Here we believe that business schools must ‘Extend’ and ‘Evolve’.


At the ‘Extend’ stage of the DLE framework, the focus is on extending the learner experience and modes of learning through digital collaborations and partnerships. This is critical for business schools that need to bring the outside world into the digital classroom and connect students with current issues and debates, and offers organisations and business leaders the opportunity to positively contribute. In the traditional face-to-face classroom, time zones, geographical distance and availability often make it challenging to get input and engagement from business leaders and industry practitioners. However, when those boundaries are removed, it creates almost unlimited opportunities for faculty and business schools to innovate and extend their teaching and module design into business and other real-world spheres.

“In a digitally-charged business school, faculty are encouraged to collaborate with external organisations, partners and tech platform providers”

In a digitally-charged business school, faculty are encouraged to collaborate with external organisations, partners and tech platform providers to create practice-based digital learning experiences that bring together multiple contributors nationally and internationally. In China, GSK Consumer Healthcare China (GSK CH) and Taobao University Asia-Pacific Institute jointly developed and provide customised digital learning programmes for GSK CH employees across the Asia Pacific region.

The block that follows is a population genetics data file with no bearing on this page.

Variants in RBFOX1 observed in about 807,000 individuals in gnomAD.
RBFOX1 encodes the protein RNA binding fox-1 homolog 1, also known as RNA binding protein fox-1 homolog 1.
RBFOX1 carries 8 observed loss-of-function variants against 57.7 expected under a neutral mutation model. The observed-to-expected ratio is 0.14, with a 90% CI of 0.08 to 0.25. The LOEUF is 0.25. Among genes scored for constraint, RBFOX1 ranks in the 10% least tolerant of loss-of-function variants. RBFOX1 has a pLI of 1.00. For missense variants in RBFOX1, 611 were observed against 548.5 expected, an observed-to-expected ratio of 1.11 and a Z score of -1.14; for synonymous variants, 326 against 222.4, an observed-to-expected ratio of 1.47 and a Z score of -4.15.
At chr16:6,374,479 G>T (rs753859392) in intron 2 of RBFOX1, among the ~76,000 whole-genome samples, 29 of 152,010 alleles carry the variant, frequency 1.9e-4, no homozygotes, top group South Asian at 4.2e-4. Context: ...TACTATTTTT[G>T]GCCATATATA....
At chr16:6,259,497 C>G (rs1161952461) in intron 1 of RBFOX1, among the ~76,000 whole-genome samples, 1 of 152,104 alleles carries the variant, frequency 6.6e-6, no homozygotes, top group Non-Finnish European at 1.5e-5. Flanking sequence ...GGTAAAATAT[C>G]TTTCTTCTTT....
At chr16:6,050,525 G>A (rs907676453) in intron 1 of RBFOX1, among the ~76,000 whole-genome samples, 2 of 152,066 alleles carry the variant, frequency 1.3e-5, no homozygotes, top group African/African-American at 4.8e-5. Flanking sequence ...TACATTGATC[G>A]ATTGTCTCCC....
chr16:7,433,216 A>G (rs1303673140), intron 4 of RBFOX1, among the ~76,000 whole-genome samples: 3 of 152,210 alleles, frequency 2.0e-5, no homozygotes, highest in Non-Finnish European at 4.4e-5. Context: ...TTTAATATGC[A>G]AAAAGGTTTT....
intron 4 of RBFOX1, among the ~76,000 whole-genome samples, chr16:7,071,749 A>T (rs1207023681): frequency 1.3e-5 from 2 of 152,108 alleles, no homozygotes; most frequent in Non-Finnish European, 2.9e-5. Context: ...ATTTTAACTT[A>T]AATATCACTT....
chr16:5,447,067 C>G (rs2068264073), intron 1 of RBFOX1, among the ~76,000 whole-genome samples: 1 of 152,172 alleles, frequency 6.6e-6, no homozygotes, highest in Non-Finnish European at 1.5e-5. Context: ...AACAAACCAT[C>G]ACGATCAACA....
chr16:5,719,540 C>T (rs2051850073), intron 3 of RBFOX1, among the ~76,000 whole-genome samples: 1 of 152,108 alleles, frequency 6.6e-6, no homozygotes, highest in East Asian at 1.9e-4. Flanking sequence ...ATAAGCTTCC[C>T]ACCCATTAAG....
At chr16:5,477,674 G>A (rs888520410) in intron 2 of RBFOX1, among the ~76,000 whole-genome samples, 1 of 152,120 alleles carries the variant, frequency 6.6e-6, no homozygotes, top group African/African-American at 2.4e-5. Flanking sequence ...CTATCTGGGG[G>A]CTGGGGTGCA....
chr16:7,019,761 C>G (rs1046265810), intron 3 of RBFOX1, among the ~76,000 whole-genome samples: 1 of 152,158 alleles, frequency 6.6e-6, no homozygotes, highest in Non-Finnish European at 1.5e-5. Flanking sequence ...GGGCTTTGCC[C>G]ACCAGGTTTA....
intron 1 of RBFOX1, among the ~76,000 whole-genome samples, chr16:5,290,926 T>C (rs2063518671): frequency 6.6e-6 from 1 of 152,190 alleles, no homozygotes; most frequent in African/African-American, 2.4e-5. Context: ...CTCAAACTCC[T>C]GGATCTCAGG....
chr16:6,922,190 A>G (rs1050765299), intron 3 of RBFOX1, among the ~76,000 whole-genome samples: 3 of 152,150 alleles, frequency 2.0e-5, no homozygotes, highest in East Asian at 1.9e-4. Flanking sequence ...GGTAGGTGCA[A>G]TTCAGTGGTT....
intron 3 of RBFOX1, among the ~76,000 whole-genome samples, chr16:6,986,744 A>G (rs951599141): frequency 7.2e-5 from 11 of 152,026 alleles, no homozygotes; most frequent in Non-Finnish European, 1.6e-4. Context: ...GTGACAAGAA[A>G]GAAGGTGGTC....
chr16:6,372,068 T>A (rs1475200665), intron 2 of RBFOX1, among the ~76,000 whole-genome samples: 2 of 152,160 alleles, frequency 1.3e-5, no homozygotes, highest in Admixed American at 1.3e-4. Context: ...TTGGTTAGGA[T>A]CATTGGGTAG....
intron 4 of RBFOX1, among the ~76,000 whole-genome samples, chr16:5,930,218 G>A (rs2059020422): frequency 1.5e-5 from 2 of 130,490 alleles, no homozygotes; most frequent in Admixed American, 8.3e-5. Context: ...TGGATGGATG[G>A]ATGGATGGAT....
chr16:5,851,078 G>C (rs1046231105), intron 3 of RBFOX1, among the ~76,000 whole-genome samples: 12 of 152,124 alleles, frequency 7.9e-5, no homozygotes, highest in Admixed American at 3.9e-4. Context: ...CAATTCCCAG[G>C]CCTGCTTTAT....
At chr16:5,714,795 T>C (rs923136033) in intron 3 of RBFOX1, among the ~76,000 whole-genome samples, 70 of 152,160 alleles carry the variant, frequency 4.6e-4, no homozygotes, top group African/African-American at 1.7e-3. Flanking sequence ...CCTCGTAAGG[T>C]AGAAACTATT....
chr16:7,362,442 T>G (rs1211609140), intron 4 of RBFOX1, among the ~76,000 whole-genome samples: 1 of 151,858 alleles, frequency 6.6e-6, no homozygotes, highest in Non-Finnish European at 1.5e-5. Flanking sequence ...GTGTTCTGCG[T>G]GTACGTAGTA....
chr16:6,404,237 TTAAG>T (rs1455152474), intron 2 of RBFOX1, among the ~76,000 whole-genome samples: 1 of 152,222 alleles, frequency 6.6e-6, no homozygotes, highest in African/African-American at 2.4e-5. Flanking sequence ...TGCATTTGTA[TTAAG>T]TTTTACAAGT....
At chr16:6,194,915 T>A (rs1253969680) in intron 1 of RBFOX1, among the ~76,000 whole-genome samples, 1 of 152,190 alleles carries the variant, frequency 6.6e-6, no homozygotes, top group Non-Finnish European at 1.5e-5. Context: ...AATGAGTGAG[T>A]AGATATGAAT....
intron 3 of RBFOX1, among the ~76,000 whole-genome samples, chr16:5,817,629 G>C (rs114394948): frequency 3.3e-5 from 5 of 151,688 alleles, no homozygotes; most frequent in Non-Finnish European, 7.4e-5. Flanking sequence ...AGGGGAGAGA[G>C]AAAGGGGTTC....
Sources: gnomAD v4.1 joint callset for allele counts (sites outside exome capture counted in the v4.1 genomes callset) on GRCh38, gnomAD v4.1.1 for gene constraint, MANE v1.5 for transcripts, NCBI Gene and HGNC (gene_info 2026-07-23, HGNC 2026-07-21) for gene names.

With the support of the business school to create new digital collaborative initiatives, faculty can partner with external organisations to design business-led challenges with students and alumni entering from across the university, or as an international and inter-university setup. It is also possible to create and inject live cases with members of the case organisation joining students live online and through asynchronous video material. We have designed international digital live case experiences with organisations such as Mlesna (Sri Lankan tea manufacturer and exporter), Leapcraft (Danish provider of clean air solutions) and Copenhagen Solutions Lab (Danish innovation hub for smart city transformation) allowing students to interact with industry experts residing in different parts of the world, work on set challenges, pitch their ideas and gain feedback. This has been highly effective through the use of digital platforms and has connected students first-hand with businesses and societal challenges. We have developed the ‘DigitalHack’ methodology, specifically for the online learning environment, to enhance and extend digital learner experiences. Faculty can use this methodology to design and deliver team-based experiential learning exercises in collaboration with external organisations and partners, focusing on complex challenges such as reducing food waste, enhancing the quality of life in cities, and driving innovation in the post-pandemic era. Business and industry experts can join live from anywhere in the world to share insight and expertise and act as team mentors. Faculty must therefore build their international network with business practitioners and other experts. The DigitalHack is delivered fully online, overcoming many of the typical on-site limitations.